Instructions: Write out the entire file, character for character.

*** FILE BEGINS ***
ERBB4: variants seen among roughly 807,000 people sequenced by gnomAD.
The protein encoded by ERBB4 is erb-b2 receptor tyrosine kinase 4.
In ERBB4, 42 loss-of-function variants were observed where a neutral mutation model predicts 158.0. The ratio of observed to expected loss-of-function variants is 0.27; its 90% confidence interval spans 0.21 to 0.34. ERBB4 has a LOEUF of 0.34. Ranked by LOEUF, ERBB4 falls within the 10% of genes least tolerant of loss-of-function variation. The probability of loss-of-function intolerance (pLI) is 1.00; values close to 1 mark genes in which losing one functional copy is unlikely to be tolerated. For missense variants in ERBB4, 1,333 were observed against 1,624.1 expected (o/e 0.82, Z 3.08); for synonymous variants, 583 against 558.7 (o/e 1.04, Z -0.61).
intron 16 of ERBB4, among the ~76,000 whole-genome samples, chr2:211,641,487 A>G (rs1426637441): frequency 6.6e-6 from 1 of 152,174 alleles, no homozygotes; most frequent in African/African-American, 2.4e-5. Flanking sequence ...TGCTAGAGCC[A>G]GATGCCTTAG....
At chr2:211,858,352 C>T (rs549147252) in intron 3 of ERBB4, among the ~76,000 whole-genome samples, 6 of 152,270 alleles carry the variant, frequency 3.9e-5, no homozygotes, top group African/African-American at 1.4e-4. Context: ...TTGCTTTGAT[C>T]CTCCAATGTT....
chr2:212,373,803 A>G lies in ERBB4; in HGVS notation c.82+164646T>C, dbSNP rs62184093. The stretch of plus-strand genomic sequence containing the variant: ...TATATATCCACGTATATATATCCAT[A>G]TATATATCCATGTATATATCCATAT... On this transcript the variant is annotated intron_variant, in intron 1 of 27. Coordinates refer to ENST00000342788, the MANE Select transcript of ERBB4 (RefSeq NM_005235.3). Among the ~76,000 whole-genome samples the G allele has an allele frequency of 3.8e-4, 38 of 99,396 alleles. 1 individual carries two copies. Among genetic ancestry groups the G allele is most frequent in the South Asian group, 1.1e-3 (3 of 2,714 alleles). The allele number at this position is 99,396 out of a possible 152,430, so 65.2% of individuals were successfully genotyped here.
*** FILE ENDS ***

ERBB4: variants seen among roughly 807,000 people sequenced by gnomAD.
The protein encoded by ERBB4 is erb-b2 receptor tyrosine kinase 4.
In ERBB4, 42 loss-of-function variants were observed where a neutral mutation model predicts 158.0. The ratio of observed to expected loss-of-function variants is 0.27; its 90% confidence interval spans 0.21 to 0.34. ERBB4 has a LOEUF of 0.34. Ranked by LOEUF, ERBB4 falls within the 10% of genes least tolerant of loss-of-function variation. The probability of loss-of-function intolerance (pLI) is 1.00; values close to 1 mark genes in which losing one functional copy is unlikely to be tolerated. For missense variants in ERBB4, 1,333 were observed against 1,624.1 expected (o/e 0.82, Z 3.08); for synonymous variants, 583 against 558.7 (o/e 1.04, Z -0.61).
intron 16 of ERBB4, among the ~76,000 whole-genome samples, chr2:211,641,487 A>G (rs1426637441): frequency 6.6e-6 from 1 of 152,174 alleles, no homozygotes; most frequent in African/African-American, 2.4e-5. Flanking sequence ...TGCTAGAGCC[A>G]GATGCCTTAG....
At chr2:211,858,352 C>T (rs549147252) in intron 3 of ERBB4, among the ~76,000 whole-genome samples, 6 of 152,270 alleles carry the variant, frequency 3.9e-5, no homozygotes, top group African/African-American at 1.4e-4. Context: ...TTGCTTTGAT[C>T]CTCCAATGTT....
chr2:212,373,803 A>G lies in ERBB4; in HGVS notation c.82+164646T>C, dbSNP rs62184093. The stretch of plus-strand genomic sequence containing the variant: ...TATATATCCACGTATATATATCCAT[A>G]TATATATCCATGTATATATCCATAT... On this transcript the variant is annotated intron_variant, in intron 1 of 27. Coordinates refer to ENST00000342788, the MANE Select transcript of ERBB4 (RefSeq NM_005235.3). Among the ~76,000 whole-genome samples the G allele has an allele frequency of 3.8e-4, 38 of 99,396 alleles. 1 individual carries two copies. Among genetic ancestry groups the G allele is most frequent in the South Asian group, 1.1e-3 (3 of 2,714 alleles). The allele number at this position is 99,396 out of a possible 152,430, so 65.2% of individuals were successfully genotyped here.